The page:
4. The core file should be in /var/support/core/.
  5. Check if the /cumulus/nl2docad/run/stats/punt​ is accessible. Otherwise, nl2doca may be stuck and should be restarted:
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    supervisorctl restart nl2doca

5.7. nl2doca Offload Troubleshooting

If a certain traffic flow does not work as expected, disable nl2doca (i.e., disable hardware offloading):

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supervisorctl stop nl2doca​


​With hardware offloading disabled, you can confirm it is an offloading issue if the traffic starts working. If it is not an offloading issue, use tcpdump on various interfaces to see where the packet gets dropped.

Offloaded entries can be checked in following files, which contain the programming status of every IP prefix and MAC address known to system.

  • Bridge entries are available in the file /cumulus/nl2docad/run/software-tables/17. It includes all the MAC addresses in the system including local and remote MAC addresses. Example format:
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    - flow-entry: 0xaaab0cef4190​ flow-pattern:​ fid: 112​ dst mac: 00:00:5e:00:01:01​ flow-actions:​ SET VRF: 2​ DIR: DIR_ANY​ OUTPUT-PD-PORT: 0(TO_RTR_INTF)​ STATS:​ pkts: 1719​ bytes: 191286​


  • Router entries are available in the file /cumulus/nl2docad/run/software-tables/18. It includes all the IP addresses in the system. Example format:
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    - flow-entry: 0xaaab0e033bb0​ flow-pattern:​ IPV4: LPM​ VRF: 3​ ip dst: 60.1.1.21/32​ flow-actions :​ DIR: DIR_ANY​ OUTPUT PD PORT: 3(PUNT_INTF)​ STATS:​ pkts: 0​ bytes: 0​


  • ECMP entries are available in the file /cumulus/nl2docad/run/software-tables/19. It includes all the next hops in the system. Example format:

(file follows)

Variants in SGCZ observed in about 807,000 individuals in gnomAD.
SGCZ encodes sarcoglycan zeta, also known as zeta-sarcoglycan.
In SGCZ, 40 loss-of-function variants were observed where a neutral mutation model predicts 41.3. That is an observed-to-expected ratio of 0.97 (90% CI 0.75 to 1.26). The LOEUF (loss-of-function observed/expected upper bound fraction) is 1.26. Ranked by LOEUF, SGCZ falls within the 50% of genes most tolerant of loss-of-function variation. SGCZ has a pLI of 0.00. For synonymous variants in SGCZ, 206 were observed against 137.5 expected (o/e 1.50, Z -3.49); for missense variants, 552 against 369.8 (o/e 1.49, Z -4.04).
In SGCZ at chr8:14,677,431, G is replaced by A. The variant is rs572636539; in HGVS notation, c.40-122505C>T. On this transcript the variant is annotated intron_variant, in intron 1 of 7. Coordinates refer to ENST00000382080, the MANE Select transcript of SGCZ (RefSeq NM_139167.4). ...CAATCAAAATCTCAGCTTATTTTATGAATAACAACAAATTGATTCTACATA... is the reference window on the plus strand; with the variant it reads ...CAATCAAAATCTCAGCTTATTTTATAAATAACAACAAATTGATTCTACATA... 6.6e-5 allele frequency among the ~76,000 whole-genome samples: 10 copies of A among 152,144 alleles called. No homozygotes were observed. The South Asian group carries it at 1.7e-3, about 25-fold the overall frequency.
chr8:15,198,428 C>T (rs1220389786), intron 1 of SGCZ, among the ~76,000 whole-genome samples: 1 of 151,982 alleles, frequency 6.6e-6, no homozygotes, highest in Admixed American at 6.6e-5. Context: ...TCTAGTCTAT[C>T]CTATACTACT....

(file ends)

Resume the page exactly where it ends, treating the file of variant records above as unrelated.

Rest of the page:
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    - ECMP: 22​ ref-count: 18​ entries:​ - { index: 0, fid: 4059, src mac: '00:01:00:00:1e:01', dst mac: '00:01:00:00:04:08' }​ - { index: 1, fid: 4059, src mac: '00:01:00:00:1e:01', dst mac: '00:01:00:00:04:08' }​ - { index: 2, fid: 4059, src mac: '00:01:00:00:1e:01', dst mac: '00:01:00:00:04:08' }​ - { index: 3, fid: 4059, src mac: '00:01:00:00:1e:01', dst mac: '00:01:00:00:04:08’ }​… - { index: 15, fid: 4059, src mac: '00:01:00:00:1e:01', dst mac: '00:01:00:00:04:08' }​


To check counters for packets going to the kernel, run:

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cat /cumulus/nl2docad/run/stats/punt​


For example, to check L2 EVPN ENCAP flows for remote MAC 8a:88:d0:b1:92:b1 on port pf0vf0_sf, the basic offload flow should look as follows: RxPort (pf0vf0_sf) -> BR (Overlay) -> RTR (Underlay) -> BR (Underlay) -> TxPort​ (one of the uplink p0_sf or p1_sf based on ECMP hash).

Step-by-step procedure:

  1. Navigate to the interface file /cumulus/nl2docad/run/software-tables/20.
  2. Check for the RxPort (pf0vf0_sf):
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    Interface: pf0vf0_sf​ PD PORT: 6​ Bridge-id: 61​ Untagged FID: 112​

    FID 112 is given to the receive port​.

  3. Check the bridge table file /cumulus/nl2docad/run/software-tables/17 with destination MAC 8a:88:d0:b1:92:b1 and FID 112:
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    flow-pattern:​ fid: 112​ dst mac: 8a:88:d0:b1:92:b1​ flow-actions:​ VXLAN ENCAP:​ ENCAP dst ip: 6.0.0.26​ ENCAP vni id: 1000112​ SET VRF: 0​ DIR: DIR_TO_NET​ OUTPUT-PD-PORT: 0(TO_RTR_INTF)​ STATS:​ pkts: 100​ bytes: 10200​

  4. Check the router table file /cumulus/nl2docad/run/software-tables/18 with destination IP 6.0.0.26 and VRF 0:
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    flow-pattern:​ IPV4: LPM​ VRF: 0​ ip dst: 6.0.0.26/32​ flow-actions :​ ECMP: 1​ DIR: DIR_TO_NET​ OUTPUT PD PORT: 2(TO_BR_INTF)​ STATS:​ pkts: 300​ bytes: 44400​

  5. Check the ECMP table file /cumulus/nl2docad/run/software-tables/19 with ECMP 1:
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    - ECMP: 1​ create-ts: 05/24/23 19:11:05.545​ pgm-us: 15589​ ref-count: 7​ entries:​ - { index: 0, fid: 4100, src mac: 'b8:ce:f6:99:49:6a', dst mac: '00:02:00:00:00:2f' }​ - { index: 1, fid: 4115, src mac: 'b8:ce:f6:99:49:6b', dst mac: '00:02:00:00:00:33' }​

  6. The ECMP hash calculation picks one of these paths for next-hop rewrite. Check bridge table file for them (fid=4100, dst mac: 00:02:00:00:00:2f or fid=4115, dst mac: 00:02:00:00:00:33):
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    flow-pattern:​ fid: 4100​ dst mac: 00:02:00:00:00:2f​ flow-actions:​ DIR: DIR_TO_NET​ OUTPUT-PD-PORT: 36(p0_sf)​ STATS:​ pkts: 1099​ bytes: 162652​